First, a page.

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Bay National Bank: Nothing to see here

The Dept. of Treasury’s Office of the Inspector General investigated the failure of Bay National Bank in July and found nothing special in the bank’s downward spiral.

“The primary causes of Bay’s failure were its aggressive growth strategy, excessive concentrations in higher-risk construction and development loans, and insufficient capital relative to the risk level of its loans. These conditions were exacerbated by the downturn in residential real estate values in Maryland, Bay’s market. In addition, risk management activities at Bay were inadequate. For example, liberal underwriting standards allowed originations of loans without proper analysis of the borrowers’ stated income or their ability to sustain a project should it be delayed. Bay’s asset quality began deteriorating in late 2007, resulting in significant increases in its problem assets and loan losses. In turn, these loan losses significantly diminished earnings and capital and, ultimately, led to Bay’s failure.”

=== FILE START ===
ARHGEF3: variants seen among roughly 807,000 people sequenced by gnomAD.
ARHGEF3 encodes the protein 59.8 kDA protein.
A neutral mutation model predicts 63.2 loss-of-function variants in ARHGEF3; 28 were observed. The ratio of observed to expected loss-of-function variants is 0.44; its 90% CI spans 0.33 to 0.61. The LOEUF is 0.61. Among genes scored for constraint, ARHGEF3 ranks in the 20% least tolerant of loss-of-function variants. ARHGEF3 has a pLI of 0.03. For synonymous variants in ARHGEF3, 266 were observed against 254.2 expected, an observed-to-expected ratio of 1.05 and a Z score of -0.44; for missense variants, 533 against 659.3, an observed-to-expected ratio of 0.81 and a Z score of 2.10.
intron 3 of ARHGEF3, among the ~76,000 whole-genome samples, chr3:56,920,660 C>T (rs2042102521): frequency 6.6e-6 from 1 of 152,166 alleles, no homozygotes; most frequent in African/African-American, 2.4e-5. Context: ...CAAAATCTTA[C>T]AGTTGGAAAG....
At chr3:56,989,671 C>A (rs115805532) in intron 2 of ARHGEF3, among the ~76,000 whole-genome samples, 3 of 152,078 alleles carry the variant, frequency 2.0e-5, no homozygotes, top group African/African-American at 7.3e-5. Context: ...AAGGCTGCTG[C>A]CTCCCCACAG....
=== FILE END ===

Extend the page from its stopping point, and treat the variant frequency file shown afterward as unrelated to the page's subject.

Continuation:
The audit, undertaken in August and September, determined there were “no unusual circumstances” surrounding the bank failure. Therefore, auditors recommended that no further review of the bank’s failure be undertaken.

The cost to the FDIC’s Deposit Insurance Fund for the Bay National closure was $17.4 million. The FDIC closed the bank on July 9 and Bay National’s deposits were assumed by the newly formed Bay Bank FSB.